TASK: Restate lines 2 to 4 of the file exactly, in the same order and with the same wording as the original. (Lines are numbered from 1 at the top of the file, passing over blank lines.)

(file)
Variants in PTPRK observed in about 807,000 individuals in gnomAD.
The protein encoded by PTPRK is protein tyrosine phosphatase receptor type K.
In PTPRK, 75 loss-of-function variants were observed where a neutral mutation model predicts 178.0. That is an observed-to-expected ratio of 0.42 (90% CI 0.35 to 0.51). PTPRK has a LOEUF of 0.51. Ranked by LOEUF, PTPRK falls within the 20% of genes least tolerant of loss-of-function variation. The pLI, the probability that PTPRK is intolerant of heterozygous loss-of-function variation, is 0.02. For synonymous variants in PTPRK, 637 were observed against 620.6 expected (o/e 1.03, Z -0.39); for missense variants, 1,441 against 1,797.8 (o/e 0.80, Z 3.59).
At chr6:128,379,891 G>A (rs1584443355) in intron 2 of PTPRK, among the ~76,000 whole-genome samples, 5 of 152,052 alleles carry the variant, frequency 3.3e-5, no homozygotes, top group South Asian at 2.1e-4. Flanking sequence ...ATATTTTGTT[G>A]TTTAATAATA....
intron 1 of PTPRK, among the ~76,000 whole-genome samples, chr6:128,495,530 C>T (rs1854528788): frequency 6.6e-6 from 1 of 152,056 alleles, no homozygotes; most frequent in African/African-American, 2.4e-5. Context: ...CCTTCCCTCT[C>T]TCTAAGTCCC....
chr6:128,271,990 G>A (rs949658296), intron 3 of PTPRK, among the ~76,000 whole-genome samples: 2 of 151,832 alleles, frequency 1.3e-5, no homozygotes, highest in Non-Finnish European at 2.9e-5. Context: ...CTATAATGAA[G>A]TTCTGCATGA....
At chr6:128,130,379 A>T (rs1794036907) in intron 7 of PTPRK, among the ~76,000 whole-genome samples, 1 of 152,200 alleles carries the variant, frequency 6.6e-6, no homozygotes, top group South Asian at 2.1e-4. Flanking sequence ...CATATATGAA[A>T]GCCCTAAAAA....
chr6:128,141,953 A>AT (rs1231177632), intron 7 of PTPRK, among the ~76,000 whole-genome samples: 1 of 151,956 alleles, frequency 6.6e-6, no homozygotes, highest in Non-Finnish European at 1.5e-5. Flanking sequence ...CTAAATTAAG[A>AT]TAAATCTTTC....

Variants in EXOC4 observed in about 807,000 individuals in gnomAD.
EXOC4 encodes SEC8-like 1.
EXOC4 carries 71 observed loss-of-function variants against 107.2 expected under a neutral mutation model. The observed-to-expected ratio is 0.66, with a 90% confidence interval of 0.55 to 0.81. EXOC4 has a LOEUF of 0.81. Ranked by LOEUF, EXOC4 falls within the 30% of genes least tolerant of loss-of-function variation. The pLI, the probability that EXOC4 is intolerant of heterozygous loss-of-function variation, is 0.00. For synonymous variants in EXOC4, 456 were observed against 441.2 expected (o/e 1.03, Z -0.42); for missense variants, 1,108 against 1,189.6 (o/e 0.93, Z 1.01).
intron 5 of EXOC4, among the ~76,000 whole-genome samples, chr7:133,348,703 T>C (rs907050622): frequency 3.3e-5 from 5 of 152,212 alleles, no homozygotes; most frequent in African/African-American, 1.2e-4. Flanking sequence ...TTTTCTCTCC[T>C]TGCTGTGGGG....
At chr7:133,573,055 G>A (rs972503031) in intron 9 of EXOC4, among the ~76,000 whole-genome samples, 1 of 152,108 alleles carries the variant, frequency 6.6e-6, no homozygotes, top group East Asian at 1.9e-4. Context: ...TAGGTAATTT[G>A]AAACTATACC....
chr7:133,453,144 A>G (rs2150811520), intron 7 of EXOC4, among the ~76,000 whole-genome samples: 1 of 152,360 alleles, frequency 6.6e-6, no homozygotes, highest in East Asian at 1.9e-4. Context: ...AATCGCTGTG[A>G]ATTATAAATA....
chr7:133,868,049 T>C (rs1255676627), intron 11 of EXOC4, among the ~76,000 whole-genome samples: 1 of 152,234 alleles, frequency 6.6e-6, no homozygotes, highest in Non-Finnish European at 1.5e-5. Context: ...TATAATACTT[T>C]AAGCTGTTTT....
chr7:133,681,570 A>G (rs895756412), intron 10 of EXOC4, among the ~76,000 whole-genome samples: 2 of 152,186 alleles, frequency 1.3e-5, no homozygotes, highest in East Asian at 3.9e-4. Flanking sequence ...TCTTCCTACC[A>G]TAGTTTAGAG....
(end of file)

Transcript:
The protein encoded by PTPRK is protein tyrosine phosphatase receptor type K.
In PTPRK, 75 loss-of-function variants were observed where a neutral mutation model predicts 178.0. That is an observed-to-expected ratio of 0.42 (90% CI 0.35 to 0.51). PTPRK has a LOEUF of 0.51. Ranked by LOEUF, PTPRK falls within the 20% of genes least tolerant of loss-of-function variation. The pLI, the probability that PTPRK is intolerant of heterozygous loss-of-function variation, is 0.02. For synonymous variants in PTPRK, 637 were observed against 620.6 expected (o/e 1.03, Z -0.39); for missense variants, 1,441 against 1,797.8 (o/e 0.80, Z 3.59).
At chr6:128,379,891 G>A (rs1584443355) in intron 2 of PTPRK, among the ~76,000 whole-genome samples, 5 of 152,052 alleles carry the variant, frequency 3.3e-5, no homozygotes, top group South Asian at 2.1e-4. Flanking sequence ...ATATTTTGTT[G>A]TTTAATAATA....